10 Things Your Didn’t Know About Extreme Sports Pioneer Warren Miller

 

Since 1950, when he debuted Deep and Light — the first film in what would become an annual ritual for fans of skiing and board sports — Warren Miller’s name has been synonymous with action sports videos. Now 91, Miller has weathered near-death experiences, winters living out of his trailer, family embezzlers, and many more misadventures. In exchange, as he often says, he found the freedom of constant thrills. Freedom Found: My Life Story takes readers from Miller’s broken California childhood to the Matterhorn and beyond, always with his trusty Arriflex in hand. Here are 10 things we learned from Miller’s new autobiography.

  1. His ne’er-do-well father struggled for years to make it as a radio sitcom character called “Cy Toosie.”
  2. His maternal grandfather and a great-uncle were inventors who designed an escape box for Houdini, the monster mask for the original “Frankenstein” movie, and a dental tool still in use today.
  3. He made the University of Southern California varsity basketball team as a walk-on.
  4. He led the evacuation of his WWII Navy crew when their sub-chaser sank in a typhoon.
  5. The ad-libbed narration he is so famous for was inspired by Groucho Marx.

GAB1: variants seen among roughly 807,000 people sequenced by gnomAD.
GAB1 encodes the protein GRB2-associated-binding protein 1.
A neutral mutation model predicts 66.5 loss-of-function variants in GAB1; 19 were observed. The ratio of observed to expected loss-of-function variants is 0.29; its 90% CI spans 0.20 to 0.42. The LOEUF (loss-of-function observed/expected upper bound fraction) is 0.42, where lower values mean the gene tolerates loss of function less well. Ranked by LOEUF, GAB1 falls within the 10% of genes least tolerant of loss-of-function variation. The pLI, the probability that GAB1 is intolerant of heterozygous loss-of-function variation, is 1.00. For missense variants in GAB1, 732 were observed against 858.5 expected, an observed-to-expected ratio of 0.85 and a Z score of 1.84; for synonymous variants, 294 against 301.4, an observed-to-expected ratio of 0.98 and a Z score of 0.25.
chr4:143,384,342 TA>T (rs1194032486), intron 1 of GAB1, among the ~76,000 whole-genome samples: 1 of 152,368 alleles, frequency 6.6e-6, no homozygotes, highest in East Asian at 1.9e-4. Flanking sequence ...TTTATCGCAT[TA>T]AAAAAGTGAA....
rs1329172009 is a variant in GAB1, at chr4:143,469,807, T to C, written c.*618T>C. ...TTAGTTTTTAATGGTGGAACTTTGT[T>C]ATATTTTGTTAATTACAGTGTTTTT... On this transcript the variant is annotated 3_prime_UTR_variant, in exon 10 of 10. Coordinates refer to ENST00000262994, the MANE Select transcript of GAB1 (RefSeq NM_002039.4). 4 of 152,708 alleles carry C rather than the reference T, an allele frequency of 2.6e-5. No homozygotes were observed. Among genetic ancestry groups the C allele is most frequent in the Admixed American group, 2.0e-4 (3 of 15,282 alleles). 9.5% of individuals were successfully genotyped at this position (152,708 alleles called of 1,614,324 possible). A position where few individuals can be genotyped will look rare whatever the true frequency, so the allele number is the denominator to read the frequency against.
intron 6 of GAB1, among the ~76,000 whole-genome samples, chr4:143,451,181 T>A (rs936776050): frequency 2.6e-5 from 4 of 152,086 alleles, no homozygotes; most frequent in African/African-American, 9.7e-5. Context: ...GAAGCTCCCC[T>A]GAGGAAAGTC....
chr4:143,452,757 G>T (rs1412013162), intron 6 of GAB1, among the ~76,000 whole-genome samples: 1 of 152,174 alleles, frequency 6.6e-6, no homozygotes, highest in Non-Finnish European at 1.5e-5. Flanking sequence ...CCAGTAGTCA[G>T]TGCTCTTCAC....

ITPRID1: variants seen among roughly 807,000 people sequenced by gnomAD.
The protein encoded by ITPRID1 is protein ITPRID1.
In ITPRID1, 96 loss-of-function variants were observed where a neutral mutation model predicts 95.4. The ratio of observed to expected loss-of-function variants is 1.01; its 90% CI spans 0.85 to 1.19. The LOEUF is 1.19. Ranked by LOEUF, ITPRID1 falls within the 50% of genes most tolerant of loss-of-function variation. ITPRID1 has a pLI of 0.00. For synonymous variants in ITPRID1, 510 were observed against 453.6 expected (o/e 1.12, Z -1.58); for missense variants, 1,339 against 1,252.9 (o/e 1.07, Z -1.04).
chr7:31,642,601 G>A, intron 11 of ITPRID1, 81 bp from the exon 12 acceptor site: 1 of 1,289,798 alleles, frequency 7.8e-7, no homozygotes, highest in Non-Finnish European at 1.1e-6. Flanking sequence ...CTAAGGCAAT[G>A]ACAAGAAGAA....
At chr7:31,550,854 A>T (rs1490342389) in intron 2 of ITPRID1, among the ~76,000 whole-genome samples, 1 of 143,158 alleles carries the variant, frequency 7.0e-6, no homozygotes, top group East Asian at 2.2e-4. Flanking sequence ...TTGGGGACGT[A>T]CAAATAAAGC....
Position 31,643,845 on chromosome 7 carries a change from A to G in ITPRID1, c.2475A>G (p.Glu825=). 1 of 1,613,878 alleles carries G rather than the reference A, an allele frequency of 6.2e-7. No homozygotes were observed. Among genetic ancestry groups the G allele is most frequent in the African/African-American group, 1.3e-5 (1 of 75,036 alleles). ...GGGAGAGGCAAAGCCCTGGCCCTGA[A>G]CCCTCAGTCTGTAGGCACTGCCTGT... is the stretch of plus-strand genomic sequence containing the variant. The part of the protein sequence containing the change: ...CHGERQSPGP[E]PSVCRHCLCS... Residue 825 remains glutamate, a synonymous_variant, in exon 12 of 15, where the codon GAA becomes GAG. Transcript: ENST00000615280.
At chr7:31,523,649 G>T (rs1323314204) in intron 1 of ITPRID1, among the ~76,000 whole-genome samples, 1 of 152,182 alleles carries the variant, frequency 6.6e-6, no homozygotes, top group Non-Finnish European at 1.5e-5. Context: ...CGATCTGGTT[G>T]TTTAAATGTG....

6. He helped popularize the look of skiing as a model for Jantzen sportswear, alongside pro athletes such as Frank Gifford and Bob Cousy. The advertising man who recruited him was Homer Groening, whose son, Matt, created The Simpsons.
  7. He once faced a bodyguard’s gun as he filmed the Yugoslavian dictator Tito. Years later, he got Benjamin Netanyahu back on the slopes after performing impromptu chiropractic therapy on him.
  8. He claims he was the first to take surfboard pioneer Hobie Alter on a catamaran, which led to the invention of the Hobie Cat.
  9. In Sun Valley, he watched Bobby Kennedy get turned away from the lodge dining room for dressing without a necktie. The senator came back wearing a tie — but barefoot.
  10. In Vail, while skiing with presidential candidate Jack Kemp and two former astronauts, Alan Shepard and Scott Carpenter, a lift operator asked them to take a picture of him with the great Warren Miller.
  11. Notable quote: “No one is ever too old to do something really dumb.”